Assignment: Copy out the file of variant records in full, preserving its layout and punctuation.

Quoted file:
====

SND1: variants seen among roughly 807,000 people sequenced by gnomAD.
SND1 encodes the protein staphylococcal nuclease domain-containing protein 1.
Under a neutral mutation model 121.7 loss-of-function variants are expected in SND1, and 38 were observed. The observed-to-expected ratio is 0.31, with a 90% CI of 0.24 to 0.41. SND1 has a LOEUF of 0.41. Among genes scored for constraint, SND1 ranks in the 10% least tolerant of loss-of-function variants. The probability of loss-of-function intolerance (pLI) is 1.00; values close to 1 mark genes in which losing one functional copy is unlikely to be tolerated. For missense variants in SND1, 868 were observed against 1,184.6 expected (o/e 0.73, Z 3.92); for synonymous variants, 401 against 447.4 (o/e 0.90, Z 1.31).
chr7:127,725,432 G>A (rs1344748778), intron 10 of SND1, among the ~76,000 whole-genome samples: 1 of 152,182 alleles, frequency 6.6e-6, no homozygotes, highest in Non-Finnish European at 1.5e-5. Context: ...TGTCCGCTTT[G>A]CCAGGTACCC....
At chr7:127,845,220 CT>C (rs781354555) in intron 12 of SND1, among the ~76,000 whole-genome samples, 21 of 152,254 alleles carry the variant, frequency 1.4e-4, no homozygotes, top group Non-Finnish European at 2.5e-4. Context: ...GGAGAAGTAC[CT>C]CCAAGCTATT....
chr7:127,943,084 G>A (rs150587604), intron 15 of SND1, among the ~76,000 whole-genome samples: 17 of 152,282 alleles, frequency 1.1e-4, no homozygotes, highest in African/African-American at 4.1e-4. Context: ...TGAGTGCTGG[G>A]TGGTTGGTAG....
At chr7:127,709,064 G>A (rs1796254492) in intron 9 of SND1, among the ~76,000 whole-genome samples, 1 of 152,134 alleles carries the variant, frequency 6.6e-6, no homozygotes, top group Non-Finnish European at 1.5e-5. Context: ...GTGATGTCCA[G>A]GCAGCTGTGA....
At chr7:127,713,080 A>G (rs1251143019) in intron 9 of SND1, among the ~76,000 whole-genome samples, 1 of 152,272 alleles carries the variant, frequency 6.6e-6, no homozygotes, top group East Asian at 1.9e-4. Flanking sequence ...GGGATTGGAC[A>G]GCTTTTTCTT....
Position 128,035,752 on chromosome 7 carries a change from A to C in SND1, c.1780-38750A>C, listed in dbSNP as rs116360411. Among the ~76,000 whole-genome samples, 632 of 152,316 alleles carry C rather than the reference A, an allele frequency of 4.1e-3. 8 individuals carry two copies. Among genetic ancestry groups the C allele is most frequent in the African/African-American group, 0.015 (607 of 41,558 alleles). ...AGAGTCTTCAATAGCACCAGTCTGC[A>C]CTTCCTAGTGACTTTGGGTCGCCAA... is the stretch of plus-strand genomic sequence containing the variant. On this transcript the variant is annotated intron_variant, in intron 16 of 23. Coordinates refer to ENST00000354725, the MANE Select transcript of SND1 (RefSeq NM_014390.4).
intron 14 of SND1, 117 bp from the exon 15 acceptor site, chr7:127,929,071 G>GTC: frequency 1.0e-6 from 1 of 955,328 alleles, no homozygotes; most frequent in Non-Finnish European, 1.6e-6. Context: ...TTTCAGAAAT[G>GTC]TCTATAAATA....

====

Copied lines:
SND1: variants seen among roughly 807,000 people sequenced by gnomAD.
SND1 encodes the protein staphylococcal nuclease domain-containing protein 1.
Under a neutral mutation model 121.7 loss-of-function variants are expected in SND1, and 38 were observed. The observed-to-expected ratio is 0.31, with a 90% CI of 0.24 to 0.41. SND1 has a LOEUF of 0.41. Among genes scored for constraint, SND1 ranks in the 10% least tolerant of loss-of-function variants. The probability of loss-of-function intolerance (pLI) is 1.00; values close to 1 mark genes in which losing one functional copy is unlikely to be tolerated. For missense variants in SND1, 868 were observed against 1,184.6 expected (o/e 0.73, Z 3.92); for synonymous variants, 401 against 447.4 (o/e 0.90, Z 1.31).
chr7:127,725,432 G>A (rs1344748778), intron 10 of SND1, among the ~76,000 whole-genome samples: 1 of 152,182 alleles, frequency 6.6e-6, no homozygotes, highest in Non-Finnish European at 1.5e-5. Context: ...TGTCCGCTTT[G>A]CCAGGTACCC....
At chr7:127,845,220 CT>C (rs781354555) in intron 12 of SND1, among the ~76,000 whole-genome samples, 21 of 152,254 alleles carry the variant, frequency 1.4e-4, no homozygotes, top group Non-Finnish European at 2.5e-4. Context: ...GGAGAAGTAC[CT>C]CCAAGCTATT....
chr7:127,943,084 G>A (rs150587604), intron 15 of SND1, among the ~76,000 whole-genome samples: 17 of 152,282 alleles, frequency 1.1e-4, no homozygotes, highest in African/African-American at 4.1e-4. Context: ...TGAGTGCTGG[G>A]TGGTTGGTAG....
At chr7:127,709,064 G>A (rs1796254492) in intron 9 of SND1, among the ~76,000 whole-genome samples, 1 of 152,134 alleles carries the variant, frequency 6.6e-6, no homozygotes, top group Non-Finnish European at 1.5e-5. Context: ...GTGATGTCCA[G>A]GCAGCTGTGA....
At chr7:127,713,080 A>G (rs1251143019) in intron 9 of SND1, among the ~76,000 whole-genome samples, 1 of 152,272 alleles carries the variant, frequency 6.6e-6, no homozygotes, top group East Asian at 1.9e-4. Flanking sequence ...GGGATTGGAC[A>G]GCTTTTTCTT....
Position 128,035,752 on chromosome 7 carries a change from A to C in SND1, c.1780-38750A>C, listed in dbSNP as rs116360411. Among the ~76,000 whole-genome samples, 632 of 152,316 alleles carry C rather than the reference A, an allele frequency of 4.1e-3. 8 individuals carry two copies. Among genetic ancestry groups the C allele is most frequent in the African/African-American group, 0.015 (607 of 41,558 alleles). ...AGAGTCTTCAATAGCACCAGTCTGC[A>C]CTTCCTAGTGACTTTGGGTCGCCAA... is the stretch of plus-strand genomic sequence containing the variant. On this transcript the variant is annotated intron_variant, in intron 16 of 23. Coordinates refer to ENST00000354725, the MANE Select transcript of SND1 (RefSeq NM_014390.4).
intron 14 of SND1, 117 bp from the exon 15 acceptor site, chr7:127,929,071 G>GTC: frequency 1.0e-6 from 1 of 955,328 alleles, no homozygotes; most frequent in Non-Finnish European, 1.6e-6. Context: ...TTTCAGAAAT[G>GTC]TCTATAAATA....